Traction. A handful of RCTs have shown no effect of traction on chronic LBP. More recent studies on "decompression machines" (machine-driven traction devices) suggest the same.
Orthoses. There is some evidence to indicate that a lumbar corset provides some mild subjective improvement.
Transcutaneous electrical nerve stimulation (TENS) units. There have been a handful of RCTs on TENS therapy. The results conflict, and no meaningful information has been gathered.
Acupuncture. Again, several RCTs have been undertaken, with conflicting results. Compared with sham, acupuncture appears to have a minimal effect on chronic LBP.
Functional restoration programs. A moderate but consistent response has been noted with the combination of physical therapy and cognitive-behavioral therapy (CBT).
SUMMARY: Exercise, manual therapy, a light corset, and functional restoration programs provide moderate relief for some patients.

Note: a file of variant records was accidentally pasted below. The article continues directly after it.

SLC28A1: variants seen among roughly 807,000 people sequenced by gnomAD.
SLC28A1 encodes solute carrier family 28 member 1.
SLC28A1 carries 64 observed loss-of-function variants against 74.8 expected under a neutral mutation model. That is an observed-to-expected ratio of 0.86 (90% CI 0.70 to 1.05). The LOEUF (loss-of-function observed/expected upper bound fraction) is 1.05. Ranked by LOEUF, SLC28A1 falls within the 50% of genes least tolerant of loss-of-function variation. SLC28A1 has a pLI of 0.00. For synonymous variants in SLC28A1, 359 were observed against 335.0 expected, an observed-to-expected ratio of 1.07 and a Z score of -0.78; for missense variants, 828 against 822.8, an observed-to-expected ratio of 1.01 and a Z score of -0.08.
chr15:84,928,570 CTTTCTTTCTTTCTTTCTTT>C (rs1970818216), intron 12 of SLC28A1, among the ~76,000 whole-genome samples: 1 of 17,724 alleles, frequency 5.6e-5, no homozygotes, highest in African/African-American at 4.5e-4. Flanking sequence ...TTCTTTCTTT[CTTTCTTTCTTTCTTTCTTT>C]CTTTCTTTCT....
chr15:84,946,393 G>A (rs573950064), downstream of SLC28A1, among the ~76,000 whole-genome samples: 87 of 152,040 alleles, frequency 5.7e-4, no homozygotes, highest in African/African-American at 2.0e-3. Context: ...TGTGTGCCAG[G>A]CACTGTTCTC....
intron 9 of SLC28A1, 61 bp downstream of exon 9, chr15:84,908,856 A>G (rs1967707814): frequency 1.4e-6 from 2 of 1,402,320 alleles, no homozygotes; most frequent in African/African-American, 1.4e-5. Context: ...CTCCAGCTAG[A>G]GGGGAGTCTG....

Injections and percutaneous therapeutic interventions. They have some effect in patients with radiculopathy. In multiple RCTs of patients with isolated chronic LBP, however, epidural corticosteroid injections, lumbar disk injections, facet joint injections, trigger point injections, radiofrequency ablation techniques, and focal intradiscal electrothermal treatments (IDETs) demonstrated no effect or minimal short-term effect in highly selected patients.
SUMMARY: No breakthroughs have been found here—and these treatments are invasive!